The Castillonnais is used mainly for pleasure riding, and it is well adapted to the mountainous terrain of the Pyrenees, which makes is useful for equestrian tourism in the area. It can be used for driving, and is sometimes seen in dressage competitions. Some Castillonnais are used for logging and as pack horses for taking food and equipment to mountainous areas otherwise only accessible by helicopter.
|Wikimedia Commons has media related to Castillonnais horse.|
- Bataille, Lætitia (2006). Les poneys : races et élevage (in French). France Agricole Éditions. p. 111. ISBN 9782855571409.
- "Le Cheval Castillonnais" (in French). Association Nationale du Cheval Castillonnais d'Ariège Pyrénées. Retrieved 2012-07-12.
- "Règlement du stud-book du cheval de Castillon" (PDF) (in French). Haras Nationaux Français. Retrieved 2012-07-12.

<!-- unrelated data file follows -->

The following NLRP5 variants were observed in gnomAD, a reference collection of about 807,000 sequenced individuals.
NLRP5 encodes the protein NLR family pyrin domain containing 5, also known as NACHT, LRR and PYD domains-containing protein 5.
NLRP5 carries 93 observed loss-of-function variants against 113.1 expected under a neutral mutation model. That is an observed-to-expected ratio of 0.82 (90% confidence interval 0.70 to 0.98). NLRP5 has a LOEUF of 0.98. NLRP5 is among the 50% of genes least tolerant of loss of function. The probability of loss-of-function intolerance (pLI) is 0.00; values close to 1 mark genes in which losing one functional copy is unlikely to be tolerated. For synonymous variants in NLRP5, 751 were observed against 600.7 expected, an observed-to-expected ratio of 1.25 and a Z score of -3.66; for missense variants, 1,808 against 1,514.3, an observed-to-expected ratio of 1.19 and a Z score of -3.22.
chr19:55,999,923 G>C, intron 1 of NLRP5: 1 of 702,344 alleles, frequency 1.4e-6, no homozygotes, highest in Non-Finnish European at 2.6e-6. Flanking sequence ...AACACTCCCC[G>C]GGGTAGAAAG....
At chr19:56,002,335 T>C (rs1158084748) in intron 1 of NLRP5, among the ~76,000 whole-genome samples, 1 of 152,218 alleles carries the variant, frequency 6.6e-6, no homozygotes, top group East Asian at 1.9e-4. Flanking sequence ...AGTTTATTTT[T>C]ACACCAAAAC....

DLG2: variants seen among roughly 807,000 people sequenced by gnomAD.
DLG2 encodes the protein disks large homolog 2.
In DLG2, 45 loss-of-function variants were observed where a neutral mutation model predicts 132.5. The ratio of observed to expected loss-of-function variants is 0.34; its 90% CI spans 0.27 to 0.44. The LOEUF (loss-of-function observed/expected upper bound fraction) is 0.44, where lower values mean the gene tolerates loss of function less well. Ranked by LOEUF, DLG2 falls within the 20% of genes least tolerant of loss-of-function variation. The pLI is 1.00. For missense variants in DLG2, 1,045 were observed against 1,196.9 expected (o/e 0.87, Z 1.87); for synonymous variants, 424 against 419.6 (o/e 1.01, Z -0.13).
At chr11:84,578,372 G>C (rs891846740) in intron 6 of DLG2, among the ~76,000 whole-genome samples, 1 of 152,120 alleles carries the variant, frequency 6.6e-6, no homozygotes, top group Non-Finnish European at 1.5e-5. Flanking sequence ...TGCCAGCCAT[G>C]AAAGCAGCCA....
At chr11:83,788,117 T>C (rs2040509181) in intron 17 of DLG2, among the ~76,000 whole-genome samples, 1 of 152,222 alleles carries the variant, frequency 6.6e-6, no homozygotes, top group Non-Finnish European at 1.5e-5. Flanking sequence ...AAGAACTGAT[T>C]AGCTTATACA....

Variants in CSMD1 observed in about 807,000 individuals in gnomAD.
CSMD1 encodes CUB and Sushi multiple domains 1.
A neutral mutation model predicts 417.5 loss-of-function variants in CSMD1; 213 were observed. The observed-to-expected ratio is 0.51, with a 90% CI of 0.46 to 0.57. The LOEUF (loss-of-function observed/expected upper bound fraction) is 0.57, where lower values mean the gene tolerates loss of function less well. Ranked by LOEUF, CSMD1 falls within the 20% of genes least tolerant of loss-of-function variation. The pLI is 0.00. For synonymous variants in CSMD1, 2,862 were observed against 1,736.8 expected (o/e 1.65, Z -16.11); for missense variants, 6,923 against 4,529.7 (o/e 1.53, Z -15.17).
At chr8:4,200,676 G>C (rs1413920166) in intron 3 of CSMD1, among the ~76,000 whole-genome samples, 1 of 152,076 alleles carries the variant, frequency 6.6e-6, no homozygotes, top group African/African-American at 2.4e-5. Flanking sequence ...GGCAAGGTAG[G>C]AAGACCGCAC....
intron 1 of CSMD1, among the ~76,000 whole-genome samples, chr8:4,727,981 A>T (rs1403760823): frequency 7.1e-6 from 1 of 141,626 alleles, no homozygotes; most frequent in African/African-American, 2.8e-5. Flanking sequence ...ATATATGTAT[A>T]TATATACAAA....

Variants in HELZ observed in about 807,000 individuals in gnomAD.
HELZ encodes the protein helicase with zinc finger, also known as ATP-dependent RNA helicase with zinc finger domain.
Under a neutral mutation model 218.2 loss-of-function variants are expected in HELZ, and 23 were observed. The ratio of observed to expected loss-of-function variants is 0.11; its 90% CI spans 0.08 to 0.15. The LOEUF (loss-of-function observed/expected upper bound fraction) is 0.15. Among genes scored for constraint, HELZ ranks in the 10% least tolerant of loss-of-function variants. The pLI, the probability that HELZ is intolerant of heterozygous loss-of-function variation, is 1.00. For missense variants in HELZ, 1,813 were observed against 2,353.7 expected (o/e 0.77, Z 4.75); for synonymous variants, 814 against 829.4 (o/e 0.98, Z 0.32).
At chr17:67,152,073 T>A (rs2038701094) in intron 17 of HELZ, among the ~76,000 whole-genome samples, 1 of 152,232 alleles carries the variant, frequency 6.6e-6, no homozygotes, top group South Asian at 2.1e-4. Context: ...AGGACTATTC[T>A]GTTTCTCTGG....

- Bataille, Races équines de France, p. 55
- "Cheval de Castillon" (PDF) (in French). Les Haras Nationaux. Archived from the original (PDF) on 2012-07-22. Retrieved 2012-07-12.
- Bataille, Races équines de France, p. 53
- Pastourel, Bernard (2007). "Le Castillonnais: Un cheval petit par la taille, mais grand par ses capacités!" (in French). AriègeNews. Archived from the original on 2007-10-07. Retrieved 2012-07-12.
- "Le cheval de Castillon". chevaux-pyrenees.com/ (in French). Retrieved 2012-07-12.
- Audiot, Annick (1995). Races d'hier pour l'élevage de demain: Espaces ruraux (in French). Éditions Quae. p. 216. ISBN 9782738005816.
- Laurence Bérard; Marie Cegarra; Marcel Djama (2005). Biodiversité et savoirs naturalistes locaux en France (in French). Éditions Quae. p. 128. ISBN 9782738012180.
- "Localisation des chevaux Castillonnais" (in French). Association Nationale du Cheval Castillonnais d'Ariège Pyrénées. Retrieved 2012-07-15.